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Local favorites OWL SOUNDS opened the evening with a bracing blast of free improvisation that referenced ORNETTE COLEMAN and ERIC DOLPHY (in style) and ALBERT AYLER (a thematic quote) in a set consisting of one extended excursion.
I could’ve done without upright bassist GENE JANAS’s vocal ranting on a few found phrases, but it didn’t put a dent in the musical glee. Drummer/leader ADAM KRINEY’s occasional over-enthusiasm for his crash cymbal hogged the upper register in key moments, but maybe if alto saxophonist RANDY BORRA had just kept his instrument’s bell closer to the mike, it wouldn’t have mattered.
What did matter, and triumphed, was the organic development of the improvisation, at which thrilling moments of unanimity—Kriney’s introduction of spiky rhythms in these moments seemed like the linchpin on which the trio swung – were arrived with a sense of joyous discovery that transcended the arrival and suggested a sort of elusive satori.
JACK ROSE, as famed for his solo acoustic derring-do as for his six-string adventures in neo-psych band PELT, captivated the bar’s back room with an intensely focused six-song set split evenly between slithery lap slide and finger-picked acoustic guitar. He opened with the raga-esque “Now That I’m a Man Full Grown,” a hypnotic showcase that immediately captivated the crowd. That piece recalls the style of American guitar icon SANDY BULL; finger-picking tunes showed more of a JOHN FAHEY influence – in Rose, the two most important post-blues styles of the American acoustic guitar movement are united.
The results, uniquely Rose’s own, could be heard on “St. Louis Blues,” which obviously sounded too familiar to be a Rose-penned number, yet seemed so original in his hands that one could questioned whether it was really a cover. He explored more roots styles with some originals: The rag “Linden Avenue Stomp” (from Opium Musick), and the title track and “Cross the North Fork” from last year’s Kensington Blues, plus a piece of which I didn’t catch the name that had a down-home grittiness.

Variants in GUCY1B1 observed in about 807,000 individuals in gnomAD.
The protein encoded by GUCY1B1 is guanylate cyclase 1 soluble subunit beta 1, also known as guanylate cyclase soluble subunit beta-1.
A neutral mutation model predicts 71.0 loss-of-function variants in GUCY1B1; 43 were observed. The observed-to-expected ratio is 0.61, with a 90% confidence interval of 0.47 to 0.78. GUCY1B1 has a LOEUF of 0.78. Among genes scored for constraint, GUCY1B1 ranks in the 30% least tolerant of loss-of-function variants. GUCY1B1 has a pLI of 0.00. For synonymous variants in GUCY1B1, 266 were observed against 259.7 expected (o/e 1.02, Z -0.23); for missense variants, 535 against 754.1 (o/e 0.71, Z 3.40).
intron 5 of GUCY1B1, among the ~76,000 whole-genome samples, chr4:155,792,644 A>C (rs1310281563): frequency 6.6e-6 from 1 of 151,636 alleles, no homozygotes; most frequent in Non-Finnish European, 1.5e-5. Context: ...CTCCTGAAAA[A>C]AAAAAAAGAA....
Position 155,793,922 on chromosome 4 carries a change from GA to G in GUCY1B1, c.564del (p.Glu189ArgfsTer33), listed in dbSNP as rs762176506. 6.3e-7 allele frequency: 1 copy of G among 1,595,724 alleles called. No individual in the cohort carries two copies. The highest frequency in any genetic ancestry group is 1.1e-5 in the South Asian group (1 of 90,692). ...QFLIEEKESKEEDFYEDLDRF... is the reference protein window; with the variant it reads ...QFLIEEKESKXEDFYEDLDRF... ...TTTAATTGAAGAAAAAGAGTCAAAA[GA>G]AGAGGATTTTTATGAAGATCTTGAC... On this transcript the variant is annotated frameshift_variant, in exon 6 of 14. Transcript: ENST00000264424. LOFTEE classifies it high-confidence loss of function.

WOODEN WAND is tough for me to get a handle on (no pun intended), and not just because the headman made a plea for us to beseech Major League Baseball Commissioner BUD SELIG to let PETE ROSE (whom I despise more than any other player in the sport’s long history) be admitted to the Hall of Fame. Way too many God references for this atheist to be comfortable; way too many in-jokes to know what’s going on; lyrics so odd and insular that for all I can tell they’re non-sequiturs, or randomly generated.
Why does JAMES TOTH call himself Wooden Wand? Is the lead guitarist’s name CHARLIE WILSON or KEITH WOOD, or neither? Are they really religious or does female singer SATYA SAI’s frequent ass-wiggling signal irony (or at least ambivalence) in spite of rocking set-closer “Babylon the Great,” with its reference to a puritanical ranting bit from Revelation?
Yet their/his music nonetheless bewitchingly enchants me (much more than DEVENDRA BANHART’s, to whom they’re often compared). It’s freak folk (or freak gospel??) of many moods, all fairly shambolic, whether quietly strummed, intro’d with a JIMI HENDRIX-like meandering electric guitar solo (“Didn’t It Rain” from the soon-to-arrive Wooden Wand & THE VANISHING VOICE album Gipsy Freedom), or sounding like the early-Dylanesque ditty that Wilson/Wood mumbled/drawled in his only lead vocal. Perhaps I’m too hung up on pinning down meaning precisely to go with this band’s flow, but I found it fascinating.
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